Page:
The unconcious is ‘a dangerous and scary place.’ But Meg urged us to "Be open to living at the edges of your experience." And that ‘voice’ comes from the quality and connection through to your unconscious mind. I loved the concept that we should be the leader, not the bully of our unconscious.

And the concept of throughnes is not just for the writer; as writers, we want to have our readers feel that same connected experience.

In a later talk on voice, Meg told us to "Write as fiercely as you can possibly write." And to help us get there, she asked us a series of 40 questions, designed to help us find the connections to our own dark and ‘dense’ places in our unconscious minds. That session was intensely powerful, and I was able to speak about a very personal, very difficult experience – my own turning point, if you will – in the group and felt supported and validated in my vulnerability.

If this sounds more like group therapy than a writing con, well, maybe that’s what it was. But group therapy for creative people to help free their creativity.

The session on ‘Story vs Plot’ with the powerhouse team of Lisa Cron, Donald Maas, and Brunonia Barry kicked off my Wednesday. It was the perfect counterpoint to the intensely personal/internal/character work from Tuesday’s sessions.

What happens in the narrative = plot
How it effects the protagonist in the pursuit of a goal AND how they change as a result = story
Story is nothing but emotion.
Story is about the why.

The events of the plot are the externalization of the internal journal of change.

We must write specifics. No one does anything in general. A story is only universal because of its specifics.

"The past is the decoder ring for what’s happening in our present." Lisa Cron

In crafting story, the writer must balance the inner and outer journeys of the characters. We must uncover the meaning of what happens – the personal meaning of events for each character. And any event you choose can have meaning for the character.

The true beginning of your story is when the character knows something is changing that won’t change back.

In "Wired for Story", Lisa Cron talked about the neuroscience behind the human brain’s affinity/necessity for story.

"We turn to story to navigate reality."
Story silences our analytic brain.
The stories we believe become part of our identity.

Lisa presented her 5 steps/5 layers to writing powerful story. These are 5 elements that we should have explored before we write forward in the story.

  1. What if, the surface area of our story. Story is really about our expectations being broken
  2. Who: explore your characters. Know what they come into the world wanting, and what misbeliefs they cling to.
  3. Why: why does this all matter.
  4. World view (this was the piece Lisa focused on, among the 5 layers). Your character’s world view is very particular, very specific. Before you write, you need to know what’s RELEVANT to the character because we never do anything in general.
  5. When: This is your ticking clock. It is up to the author to force the issue and ‘sink your character’s boat.’

I stopped taking notes by Donald Maas’ talk on micro tension, but the takeaway for me was how every element on every page can ramp up the emotional experience for the reader. These include:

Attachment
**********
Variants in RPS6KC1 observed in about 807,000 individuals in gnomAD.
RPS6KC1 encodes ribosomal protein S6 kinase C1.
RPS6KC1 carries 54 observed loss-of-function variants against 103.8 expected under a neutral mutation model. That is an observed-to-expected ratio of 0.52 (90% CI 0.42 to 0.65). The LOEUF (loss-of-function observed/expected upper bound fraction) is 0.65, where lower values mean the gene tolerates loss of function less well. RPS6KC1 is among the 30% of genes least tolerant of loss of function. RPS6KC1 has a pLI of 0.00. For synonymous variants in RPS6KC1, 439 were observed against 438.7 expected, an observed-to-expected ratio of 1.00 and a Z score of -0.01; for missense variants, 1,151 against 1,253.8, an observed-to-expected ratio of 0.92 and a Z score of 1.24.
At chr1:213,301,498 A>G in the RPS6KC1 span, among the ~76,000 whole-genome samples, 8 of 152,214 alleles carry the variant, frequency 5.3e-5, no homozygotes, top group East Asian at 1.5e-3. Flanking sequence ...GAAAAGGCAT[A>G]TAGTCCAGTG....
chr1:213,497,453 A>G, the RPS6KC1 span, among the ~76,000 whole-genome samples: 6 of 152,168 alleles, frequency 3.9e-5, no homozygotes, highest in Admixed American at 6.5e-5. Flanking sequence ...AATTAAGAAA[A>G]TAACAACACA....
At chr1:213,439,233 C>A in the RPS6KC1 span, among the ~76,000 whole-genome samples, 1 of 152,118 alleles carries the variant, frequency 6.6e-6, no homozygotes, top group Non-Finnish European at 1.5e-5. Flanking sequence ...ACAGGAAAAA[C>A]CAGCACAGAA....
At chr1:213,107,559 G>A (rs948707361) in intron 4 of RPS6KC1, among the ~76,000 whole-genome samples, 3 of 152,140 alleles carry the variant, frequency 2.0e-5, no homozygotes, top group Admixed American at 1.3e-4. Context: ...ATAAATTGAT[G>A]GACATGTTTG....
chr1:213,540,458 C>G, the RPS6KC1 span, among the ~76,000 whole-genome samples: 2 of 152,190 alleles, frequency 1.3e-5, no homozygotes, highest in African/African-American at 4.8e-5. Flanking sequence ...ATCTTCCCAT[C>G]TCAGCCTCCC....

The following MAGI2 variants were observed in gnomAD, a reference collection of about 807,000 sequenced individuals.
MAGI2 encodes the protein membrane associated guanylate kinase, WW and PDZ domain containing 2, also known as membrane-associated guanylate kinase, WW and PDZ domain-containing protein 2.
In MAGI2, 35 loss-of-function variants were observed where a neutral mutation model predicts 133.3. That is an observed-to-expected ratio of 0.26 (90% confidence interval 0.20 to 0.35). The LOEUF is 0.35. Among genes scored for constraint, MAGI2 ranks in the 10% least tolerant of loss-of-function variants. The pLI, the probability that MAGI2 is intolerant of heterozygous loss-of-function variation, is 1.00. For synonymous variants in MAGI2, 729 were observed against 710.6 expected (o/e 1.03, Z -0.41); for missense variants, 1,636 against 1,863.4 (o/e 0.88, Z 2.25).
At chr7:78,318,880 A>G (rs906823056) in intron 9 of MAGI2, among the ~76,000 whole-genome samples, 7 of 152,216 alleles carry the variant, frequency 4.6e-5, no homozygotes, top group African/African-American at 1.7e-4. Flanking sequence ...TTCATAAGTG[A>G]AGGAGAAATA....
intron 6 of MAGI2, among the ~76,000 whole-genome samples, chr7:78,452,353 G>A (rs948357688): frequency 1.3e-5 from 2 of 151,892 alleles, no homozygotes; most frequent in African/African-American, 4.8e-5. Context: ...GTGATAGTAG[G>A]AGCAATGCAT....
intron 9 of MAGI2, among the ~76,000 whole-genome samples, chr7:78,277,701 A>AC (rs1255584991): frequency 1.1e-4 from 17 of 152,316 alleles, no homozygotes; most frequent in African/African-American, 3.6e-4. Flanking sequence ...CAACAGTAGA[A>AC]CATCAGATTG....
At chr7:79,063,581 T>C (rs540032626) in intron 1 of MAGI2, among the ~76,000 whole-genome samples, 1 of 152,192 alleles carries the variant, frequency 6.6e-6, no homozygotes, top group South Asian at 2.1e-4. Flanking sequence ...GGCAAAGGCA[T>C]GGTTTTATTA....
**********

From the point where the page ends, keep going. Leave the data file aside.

1. dialogue: microtension comes from the conflict between the characters. In dialogue, bring out the opposing needs and wants of your characters in relation to one another. No bland ‘tea or coffee’ scenes!
  2. action: Remember, tension is inside, not in the external plot events. An explosion is exciting, but isn’t on its own tense.
  3. exposition: present emotions in conflict, ideas at war.
Don recommended that we print out our drafts, throw the loose pages into the air, then gather them in random order and read each page with an eye toward increasing micro tension in every one. (And he said the same thing, albeit in a less messy way, can be achieved using a random number generator and reading your work in that random order.)

The rest of the conference passed through me in a blur of conversations, readings, lectures, workshops, and laughter. I have pages of notes from Donald Mass’ 21st Century Fiction talk (which, unfortunately, I had to leave midway through) and what I appreciated from the workshop was that he posed questions that each of us needed to answer in relation to our own stories in progress. His questions helped me deepen and extend the conflicts and tension that I had sketched out for DERELICT’s sequel in a way that will create a far richer story. I am both exhausted and excited about the prospect!

And those were the formal sessions. A great deal of the UnCon happened in the liminal spaces between and around the sessions. Conversations in the library, over breakfast, dinner, and walks, in the bar. I met such amazing people and reconnected in person with ones I had interacted with virtually. I got to meet one of the women in my virtual critique/support group for the first time! (Hi, Amanda!!!!) Now, I have her voice in my head when I read her posts and messages.

Meeting Therese was a highlight of the UnCon for me. She is a gracious and lovely human being. I can’t imagine the amount of work – hard work – that went into putting this together. I know she had the back up of her ‘mod squad’ and other volunteers, but she set the tone. I have been to many workshops, retreats, and conferences; I’ve never experienced anything like this one.

To all the wonderful writers I met: thank you. We laughed, cried, wrote, and played together for nearly a week. It was woefully short and went by far too quickly. I hope that this is not the end, but the beginning of a grand and singular tradition.